Illinois farmers itching to be fleeced by Castro regime

Eager to go bankrupt
Eager to go bankrupt

Here we go again.

Someone else is lobbying the Obama administration for a change in Cuba policy.

This time it’s farmers from the heartland who want to sell more of their soybeans and corn to Castrogonia.

Venezuela’s Telesur network reports on this effort, but leaves out the most important detail.

All this report says is that the farmers think they can sell more produce and want to sell more, but “U.S. policies” stand in their way.

Awwwww.  How awful.  It’s heartbreaking.  These nice farmers want to “provide food to Cuba,” but those mean old “policies” stand in the way.

What policies are these?

Actually, there is only one policy that stands in their way: the one that requires that Castrogonia pay cash up front.   In other words, what these farmers want is for the U.S. to allow Castrogonia to purchase tons and tons of soybeans and corn on credit.

So, while Telesur makes it seem as if the U.S. government is being unreasonable and standing in the way of increased sales, this network is covering up the fact that the U.S. government is preventing these clueless farmers from being swindled by a deadbeat rogue nation that never pays its debts.

If this lobbying effort doesn’t prove that there are many, many Americans who still don’t understand how Castrogonia works, then nothing will.

I like to keep what I owe, and so does my little brother
I like to keep what I owe, and so does my little brother

From Telesur

Corn Belt Farmers Lobby for Policy Change on Cuba

Delegates from the Illinois Cuba Working Group (ICWG) were in Washington, D.C. on Friday asking Congress and President Barack Obama’s Administration to loosen trade restrictions so Illinois farmers and agricultural organizations can provide food to Cuba.

Representing the ICWG were representatives of soybean and corn companies, including the Illinois Soybean Growers, Cargill, Chicago Foods International, Huron Commodities, Illinois Farm Bureau and Koch Foods.

“We have already seen a decline in our market share due to non-competitive U.S. policies,” says Yon Luque, Koch Foods export area manager.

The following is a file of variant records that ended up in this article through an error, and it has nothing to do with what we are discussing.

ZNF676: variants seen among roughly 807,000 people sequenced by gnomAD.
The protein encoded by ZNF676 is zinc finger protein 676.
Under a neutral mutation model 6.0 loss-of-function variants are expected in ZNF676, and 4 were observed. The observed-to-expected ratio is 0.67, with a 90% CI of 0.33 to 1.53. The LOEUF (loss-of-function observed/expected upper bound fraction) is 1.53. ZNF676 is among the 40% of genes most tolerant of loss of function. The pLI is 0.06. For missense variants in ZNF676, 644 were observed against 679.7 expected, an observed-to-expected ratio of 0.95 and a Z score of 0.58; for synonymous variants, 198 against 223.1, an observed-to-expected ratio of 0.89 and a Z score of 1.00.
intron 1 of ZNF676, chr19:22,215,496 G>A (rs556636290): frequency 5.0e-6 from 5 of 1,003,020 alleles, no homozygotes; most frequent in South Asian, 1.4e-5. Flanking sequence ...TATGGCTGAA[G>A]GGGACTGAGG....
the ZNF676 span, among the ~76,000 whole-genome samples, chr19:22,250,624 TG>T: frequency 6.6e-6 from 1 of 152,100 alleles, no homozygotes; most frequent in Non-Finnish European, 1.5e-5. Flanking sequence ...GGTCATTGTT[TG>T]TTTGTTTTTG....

The ICWG believes that both U.S. and Cuban economies will benefit from exchanges of insight and capital. This has the potential to benefit Illinois small- and medium-sized businesses, along with other U.S. industries, which helps bring jobs to Illinois.

They allowed us to buy on credit!
They allowed us to buy on credit!

“We believe that the improvement of economic trade relations between the U.S. and Cuba is the foundation for future success between the two countries,” the organization says in its mission statement. “We strive to turn Cuba from an enemy to an ally within our lifetime by building trade relations that are mutually beneficial and enduring.”

In April 2014, the working group addressed Obama in a letter requesting “bi-partisan efforts at the national level to bring the U.S.-Cuba relationship forward,” the article reads.

While the U.S. is the primary supplier of whole soybeans to Cuba, purchasing some five million bushels per year, U.S. soybean farmers are losing soybean meal and oil market share in Cuba to competitors who are geographically more distant.

In 2006, Global Trade Information Services estimates the U.S. had more than 75 percent market share for Cuba’s soybean meal and oil imports. In recent years, Brazil has had more than 75 percent market share.

“Cuba is an important market for Illinois soybeans, given the soybean, meal and oil export potential,” adds Bill Raben, soybean farmer and Illinois Soybean Association chairman.

3 thoughts on “Illinois farmers itching to be fleeced by Castro regime”

  1. Le zzzzzumba, si. I guess there are Cuban-Americans who still don’t know how the U.S. handles bankrupt farmers. It’s news to me! Damn!

  2. It’s not that these Illinois farmers don’t understand, but that they think they can beat the system. Yes, they’re amoral opportunists, but there’s a LOT of that going around. They’re not worried about non-payment because they figure “the insurance will cover it,” which obviously means the taxpayers will wind up paying, but hey, money is still money no matter where it comes from.

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